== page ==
ABC News’ Michael Falcone reports:
Just hours after Connecticut Senate candidate Linda McMahon deployed a hard-hitting television ad attacking her opponent, Richard Blumenthal, for misstatements he made about his service during the Vietnam War era, the two candidates sparred in person over the accusations at their first official debate of the general election.
“There is nothing new in this ad, and there is nothing new about the McMahon attack on me,” Blumenthal, the state’s Democratic attorney general said, adding that he was “sorry” that on a handful of occasions he exaggerated his military service. “I regret it. I take full responsibility for it.”
Blumenthal’s defense has become a familiar refrain of the campaign ever since the allegations about past comments about his record during the Vietnam War surfaced in press reports this spring. McMahon, the Republican former chief executive of World Wrestling Entertainment, released a 30-second ad in advance of Monday night’s debate in Hartford that pointedly asks: “If he lied about Vietnam, what else is he lying about?”
But Blumenthal brought his own ammunition to the forum, raising questions — as he has with his own television ad — about his whether his GOP opponent supports cutting the minimum wage.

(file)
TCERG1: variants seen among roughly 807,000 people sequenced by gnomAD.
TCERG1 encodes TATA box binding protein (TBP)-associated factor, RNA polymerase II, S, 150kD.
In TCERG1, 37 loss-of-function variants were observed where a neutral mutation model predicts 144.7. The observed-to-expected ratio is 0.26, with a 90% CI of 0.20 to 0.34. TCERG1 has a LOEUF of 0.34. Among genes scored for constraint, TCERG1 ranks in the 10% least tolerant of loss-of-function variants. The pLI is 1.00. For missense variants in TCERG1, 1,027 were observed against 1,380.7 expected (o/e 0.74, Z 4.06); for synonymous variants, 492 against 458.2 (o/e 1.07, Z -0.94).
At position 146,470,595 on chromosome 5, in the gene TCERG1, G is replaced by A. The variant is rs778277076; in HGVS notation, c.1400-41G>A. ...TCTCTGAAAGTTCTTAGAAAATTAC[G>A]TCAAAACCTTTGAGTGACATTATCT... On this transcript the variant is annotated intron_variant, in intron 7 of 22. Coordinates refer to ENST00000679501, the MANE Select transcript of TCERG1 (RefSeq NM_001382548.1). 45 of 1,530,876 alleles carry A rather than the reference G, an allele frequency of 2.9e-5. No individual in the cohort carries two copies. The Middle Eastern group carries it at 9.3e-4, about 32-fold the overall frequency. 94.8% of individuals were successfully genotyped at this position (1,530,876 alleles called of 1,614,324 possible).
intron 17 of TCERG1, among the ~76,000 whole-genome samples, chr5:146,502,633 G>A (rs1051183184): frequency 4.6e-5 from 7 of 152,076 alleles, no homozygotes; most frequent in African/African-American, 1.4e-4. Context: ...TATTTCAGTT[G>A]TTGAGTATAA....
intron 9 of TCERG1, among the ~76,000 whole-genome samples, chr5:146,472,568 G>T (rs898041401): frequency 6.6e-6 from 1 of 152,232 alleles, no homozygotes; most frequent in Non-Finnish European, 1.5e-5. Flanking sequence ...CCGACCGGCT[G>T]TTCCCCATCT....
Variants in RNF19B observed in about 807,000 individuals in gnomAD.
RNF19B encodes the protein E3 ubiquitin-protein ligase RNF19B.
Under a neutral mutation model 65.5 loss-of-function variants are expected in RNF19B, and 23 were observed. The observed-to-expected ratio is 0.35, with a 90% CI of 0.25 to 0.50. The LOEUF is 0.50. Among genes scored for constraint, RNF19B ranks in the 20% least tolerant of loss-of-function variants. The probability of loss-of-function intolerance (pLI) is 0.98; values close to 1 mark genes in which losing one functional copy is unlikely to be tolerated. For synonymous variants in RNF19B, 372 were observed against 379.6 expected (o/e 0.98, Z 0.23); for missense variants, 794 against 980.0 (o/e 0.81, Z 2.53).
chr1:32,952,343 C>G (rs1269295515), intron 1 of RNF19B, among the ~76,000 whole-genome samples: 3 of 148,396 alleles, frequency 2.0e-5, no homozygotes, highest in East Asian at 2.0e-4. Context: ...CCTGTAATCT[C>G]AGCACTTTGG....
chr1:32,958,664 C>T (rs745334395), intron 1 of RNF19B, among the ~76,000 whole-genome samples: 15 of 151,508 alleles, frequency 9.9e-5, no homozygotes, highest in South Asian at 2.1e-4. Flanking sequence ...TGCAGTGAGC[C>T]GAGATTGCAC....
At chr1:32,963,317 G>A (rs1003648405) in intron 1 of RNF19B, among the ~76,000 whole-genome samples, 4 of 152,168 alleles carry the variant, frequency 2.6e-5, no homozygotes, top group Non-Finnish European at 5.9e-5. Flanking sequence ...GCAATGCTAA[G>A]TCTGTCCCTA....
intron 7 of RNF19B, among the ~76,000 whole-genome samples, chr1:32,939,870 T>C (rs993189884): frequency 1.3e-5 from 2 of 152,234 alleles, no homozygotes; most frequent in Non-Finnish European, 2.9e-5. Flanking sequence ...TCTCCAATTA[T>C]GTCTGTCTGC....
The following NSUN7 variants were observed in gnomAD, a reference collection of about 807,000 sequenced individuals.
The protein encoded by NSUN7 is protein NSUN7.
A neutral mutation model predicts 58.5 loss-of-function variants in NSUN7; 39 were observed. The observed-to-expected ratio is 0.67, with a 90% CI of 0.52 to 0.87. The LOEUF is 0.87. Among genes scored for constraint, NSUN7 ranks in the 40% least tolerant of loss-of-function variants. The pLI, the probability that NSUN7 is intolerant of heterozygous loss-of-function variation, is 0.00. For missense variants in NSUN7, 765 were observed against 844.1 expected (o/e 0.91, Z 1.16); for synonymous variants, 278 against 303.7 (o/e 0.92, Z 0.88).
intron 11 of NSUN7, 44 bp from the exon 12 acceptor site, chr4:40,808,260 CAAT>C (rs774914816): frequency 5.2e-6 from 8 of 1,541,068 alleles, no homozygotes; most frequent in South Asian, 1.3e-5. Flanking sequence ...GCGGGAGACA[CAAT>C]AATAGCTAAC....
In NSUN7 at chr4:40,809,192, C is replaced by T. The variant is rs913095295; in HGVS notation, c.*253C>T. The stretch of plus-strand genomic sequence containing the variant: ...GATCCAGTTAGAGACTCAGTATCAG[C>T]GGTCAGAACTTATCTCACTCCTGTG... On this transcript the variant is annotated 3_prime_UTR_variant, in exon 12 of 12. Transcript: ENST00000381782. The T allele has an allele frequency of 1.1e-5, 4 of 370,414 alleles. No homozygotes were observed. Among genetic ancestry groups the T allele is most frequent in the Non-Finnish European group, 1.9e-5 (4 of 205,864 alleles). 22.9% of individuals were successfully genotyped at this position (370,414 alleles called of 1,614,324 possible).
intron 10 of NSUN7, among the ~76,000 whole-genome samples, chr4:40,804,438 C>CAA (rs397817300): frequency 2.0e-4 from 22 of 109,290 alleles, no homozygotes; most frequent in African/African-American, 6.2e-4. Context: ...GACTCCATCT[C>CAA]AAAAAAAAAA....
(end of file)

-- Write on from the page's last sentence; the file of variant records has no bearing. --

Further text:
“That’s a lie. You know that’s a lie,” McMahon said. “I never said it.” She called on Blumenthal to pull the ad asserting that she is “talking about lowering the minimum wage” and noting that she fired “10 percent of her workers” as a business executive.
McMahon also responded to the second charge, saying: “Layoffs are hard, they are really tough to do, but sometimes you have to make those tough decisions to move your company forward.”
From the beginning of the face-to-face meeting between the two candidates, who are vying to replace retiring Democratic Sen. Chris Dodd, McMahon characterized Blumenthal as a creature of politics lacking real-world experience and casting herself as an entrepreneur who would bring change to Washington.
McMahon has spent tens of millions of her own fortune on the race — a point that Blumenthal underscored when he accused his opponent of trying to buy the Senate seat like an “auction.”
“My campaign might be outspent, but it won’t be outworked,” he said, “and the people of Connecticut want an election, not an auction.”
While recent polls indicate a tight race, Blumenthal appears to have an edge as the clock ticks down to Election Day.
The debate did have its moments of humor, including a “lightening round” during which both candidates professed their love for the New York Yankees and thin-crust pizza. “Thin and crispy every time,” Blumenthal said.
The debate was co-sponsored by the Hartford Courant and Fox Connecticut and broadcast live on television and the Internet.